It's hard to find a serious critic who admires the “Friday the 13th” series, and it's no surprise: the films are cheap, exploitative and artless, made for the express purpose of titillating a few bucks out of undiscerning moviegoers. But no two critics were more vocal about their hatred for the series than Gene Siskel and Roger Ebert, who made the films a special target of ridicule both separately and in joint attacks on their long-running syndicated series “At the Movies.” To celebrate this very special day, below you can find a brief history of the late critical duo's epic anti-“F13” vitriol.
1980: Gene Siskel takes down the original “Friday the 13th” in a famously scathing review for the Chicago Tribune
Calling director-producer Sean S. Cunningham “one of the most despicable creatures ever to infest the movie business,” Siskel was so outraged by the film that he spoiled the third-act reveal in the third paragraph (“It has been suggested to me that a great way to keep people from seeing a truly awful movie is to tell them the ending,” he wrote) and encouraged readers to write letters of complaint to both the chairman of Gulf + Western, then-parent company of Paramount Pictures, and — inexplicably — star Betsy Palmer (Mrs. Voorhees), who was just trying to earn money for a damn car.
1980: Siskel & Ebert's “Sneak Previews” (the precursor to “At the Movies”) dedicates an entire episode to the “disturbing new trend” that is the burgeoning slasher genre
My favorite part is where neither Siskel nor Ebert seem to know that “The Howling” is a werewolf movie. (They also forget that “Halloween,” which they rightly judge as superior, took the P.O.V. of the killer a number of times.)
1981: Ebert publishes his first print review for a film in the franchise: “Friday the 13th, Part 2,” which he awards 1/2 star
It's not clear what the 1/2 star was for (that you could see everything?), but needless to say, the film nearly destroyed his fondest childhood memories. Roger concludes his takedown, which is about half plot explainer, with the following sentence: “*This review will suffice for the Friday the 13th film of your choice.” (That would hold until 2002's “Jason X,” which Roger also awarded 1/2 star and noted was released on the 16th anniversary of Chernobyl, “another famous meltdown.”)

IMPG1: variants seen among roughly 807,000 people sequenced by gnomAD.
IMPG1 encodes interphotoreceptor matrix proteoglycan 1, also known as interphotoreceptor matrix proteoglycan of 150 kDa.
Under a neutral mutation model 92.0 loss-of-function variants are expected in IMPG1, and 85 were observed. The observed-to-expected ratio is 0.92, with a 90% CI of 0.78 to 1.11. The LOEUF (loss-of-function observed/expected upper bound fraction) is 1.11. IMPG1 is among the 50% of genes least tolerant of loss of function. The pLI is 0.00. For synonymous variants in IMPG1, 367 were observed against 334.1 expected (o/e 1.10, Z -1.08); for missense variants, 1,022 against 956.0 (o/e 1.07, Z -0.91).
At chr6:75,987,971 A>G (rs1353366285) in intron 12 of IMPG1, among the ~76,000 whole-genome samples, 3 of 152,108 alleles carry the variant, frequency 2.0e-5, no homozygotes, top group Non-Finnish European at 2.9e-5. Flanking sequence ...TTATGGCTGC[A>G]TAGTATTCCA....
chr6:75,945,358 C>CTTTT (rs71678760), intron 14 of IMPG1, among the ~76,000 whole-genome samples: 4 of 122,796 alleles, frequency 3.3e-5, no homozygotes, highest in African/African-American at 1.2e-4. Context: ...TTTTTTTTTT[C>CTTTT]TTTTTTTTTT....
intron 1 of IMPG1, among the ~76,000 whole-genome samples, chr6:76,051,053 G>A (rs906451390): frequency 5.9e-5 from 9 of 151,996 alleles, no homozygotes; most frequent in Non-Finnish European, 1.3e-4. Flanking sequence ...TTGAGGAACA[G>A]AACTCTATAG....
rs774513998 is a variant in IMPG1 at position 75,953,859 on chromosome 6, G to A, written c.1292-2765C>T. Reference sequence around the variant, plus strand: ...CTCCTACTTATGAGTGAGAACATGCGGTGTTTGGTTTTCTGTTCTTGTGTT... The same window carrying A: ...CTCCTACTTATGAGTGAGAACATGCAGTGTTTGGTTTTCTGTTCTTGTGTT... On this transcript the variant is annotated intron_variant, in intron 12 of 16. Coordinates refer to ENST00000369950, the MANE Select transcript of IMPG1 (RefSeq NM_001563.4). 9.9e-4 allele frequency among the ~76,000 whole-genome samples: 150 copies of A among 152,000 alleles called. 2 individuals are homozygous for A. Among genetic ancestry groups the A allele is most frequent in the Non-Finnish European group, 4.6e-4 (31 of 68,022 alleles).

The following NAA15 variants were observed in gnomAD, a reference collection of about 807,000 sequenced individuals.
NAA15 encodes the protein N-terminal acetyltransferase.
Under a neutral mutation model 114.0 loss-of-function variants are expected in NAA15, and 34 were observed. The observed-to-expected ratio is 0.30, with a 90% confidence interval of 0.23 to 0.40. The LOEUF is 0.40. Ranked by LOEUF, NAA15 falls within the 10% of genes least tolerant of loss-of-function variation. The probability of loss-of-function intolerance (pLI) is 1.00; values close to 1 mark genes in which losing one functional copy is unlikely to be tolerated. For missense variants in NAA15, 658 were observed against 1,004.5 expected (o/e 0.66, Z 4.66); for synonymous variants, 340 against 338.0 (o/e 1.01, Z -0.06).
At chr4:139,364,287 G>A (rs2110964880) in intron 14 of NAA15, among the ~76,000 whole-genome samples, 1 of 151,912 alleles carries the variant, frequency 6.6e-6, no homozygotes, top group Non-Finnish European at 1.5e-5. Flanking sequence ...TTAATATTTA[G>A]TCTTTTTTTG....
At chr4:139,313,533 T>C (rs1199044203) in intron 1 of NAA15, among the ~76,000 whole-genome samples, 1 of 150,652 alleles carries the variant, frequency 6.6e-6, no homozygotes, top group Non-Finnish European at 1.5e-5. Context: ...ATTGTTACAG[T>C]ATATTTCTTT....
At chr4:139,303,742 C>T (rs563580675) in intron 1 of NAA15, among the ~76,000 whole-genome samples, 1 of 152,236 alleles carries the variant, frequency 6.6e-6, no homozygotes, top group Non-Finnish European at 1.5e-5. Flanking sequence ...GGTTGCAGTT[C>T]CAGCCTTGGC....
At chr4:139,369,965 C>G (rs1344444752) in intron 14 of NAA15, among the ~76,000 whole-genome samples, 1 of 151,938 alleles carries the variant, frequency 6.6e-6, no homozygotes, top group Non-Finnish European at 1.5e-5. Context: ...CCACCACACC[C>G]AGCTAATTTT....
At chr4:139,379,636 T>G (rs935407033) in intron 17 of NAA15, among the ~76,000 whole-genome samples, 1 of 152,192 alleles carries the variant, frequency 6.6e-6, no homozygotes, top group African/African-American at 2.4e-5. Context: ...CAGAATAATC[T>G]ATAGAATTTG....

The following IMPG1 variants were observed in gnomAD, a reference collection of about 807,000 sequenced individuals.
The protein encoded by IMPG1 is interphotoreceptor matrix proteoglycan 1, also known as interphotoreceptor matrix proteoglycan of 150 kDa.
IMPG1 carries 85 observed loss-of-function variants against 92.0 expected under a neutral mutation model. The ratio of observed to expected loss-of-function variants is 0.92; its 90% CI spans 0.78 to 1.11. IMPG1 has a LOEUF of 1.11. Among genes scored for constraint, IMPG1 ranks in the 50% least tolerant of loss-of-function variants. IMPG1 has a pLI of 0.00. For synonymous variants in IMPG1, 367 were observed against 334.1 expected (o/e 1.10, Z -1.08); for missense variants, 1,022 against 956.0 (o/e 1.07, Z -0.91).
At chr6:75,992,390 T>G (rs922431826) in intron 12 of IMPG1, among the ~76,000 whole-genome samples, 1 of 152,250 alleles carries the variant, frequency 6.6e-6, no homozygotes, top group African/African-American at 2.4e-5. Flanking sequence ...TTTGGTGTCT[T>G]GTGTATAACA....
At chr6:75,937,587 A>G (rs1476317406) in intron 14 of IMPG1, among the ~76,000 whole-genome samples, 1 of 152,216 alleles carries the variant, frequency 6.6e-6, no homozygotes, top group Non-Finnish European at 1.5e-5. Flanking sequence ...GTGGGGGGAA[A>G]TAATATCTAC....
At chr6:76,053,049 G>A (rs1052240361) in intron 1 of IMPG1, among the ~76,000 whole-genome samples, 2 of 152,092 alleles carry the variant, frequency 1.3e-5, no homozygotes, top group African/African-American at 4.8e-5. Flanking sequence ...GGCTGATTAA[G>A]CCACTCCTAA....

1984: Roger opens a classic “At the Movies” rant by calling “Friday the 13th: The Final Chapter” an “immoral and reprehensible piece of trash”
– When Roger sarcastically calls the executives at Paramount “geniuses.”
– The way Roger says “Yeah, real great” after playing a clip from the movie.
– When Roger's alarmist tendencies take over and he announces that “Friday the 13th: The Final Chapter” will strike existential despair into the heart of every teenager who sees it, summing up the message of the film as follows: “It doesn't matter if you have a new boyfriend or a new girlfriend, or you've got plans for the future. You can forget those plans, because you're gonna wind up dead.”
– When Gene calls Roger's take “soapboxy.”
1985: In his “At the Movies” review of “Friday the 13th: A New Beginning,” Roger calls the film “more leftover, recycled garbage”
– When Roger charmingly pronounces “garbage” as “garbeege.”
– How Roger's glasses have seemingly increased in size since the last installment.
– When Roger openly wonders how Jason's hockey mask could look so good after being “burned, sliced and crushed” in the previous two movies, or how he could possibly have managed to buy a new one at the store being Jason and all.
– When Gene admits the film has one effective jump scare.
– When Gene wonders what people find so gratifying about watching someone being skewered by a pole. “What's the fun of that?” he exclaims. “I mean, 'gee, it goes all the way through?'”
– When Gene admits he slows down “a little” for traffic accidents, but doesn't get out and look at the dead bodies — which would, of course, be the equivalent of watching a “Friday the 13th” movie.
2009: Roger reviews the “Friday the 13th” reboot and awards it 2 stars out of 4.
Roger called it “about the best 'Friday the 13th' movie you could hope for.” Faint praise indeed.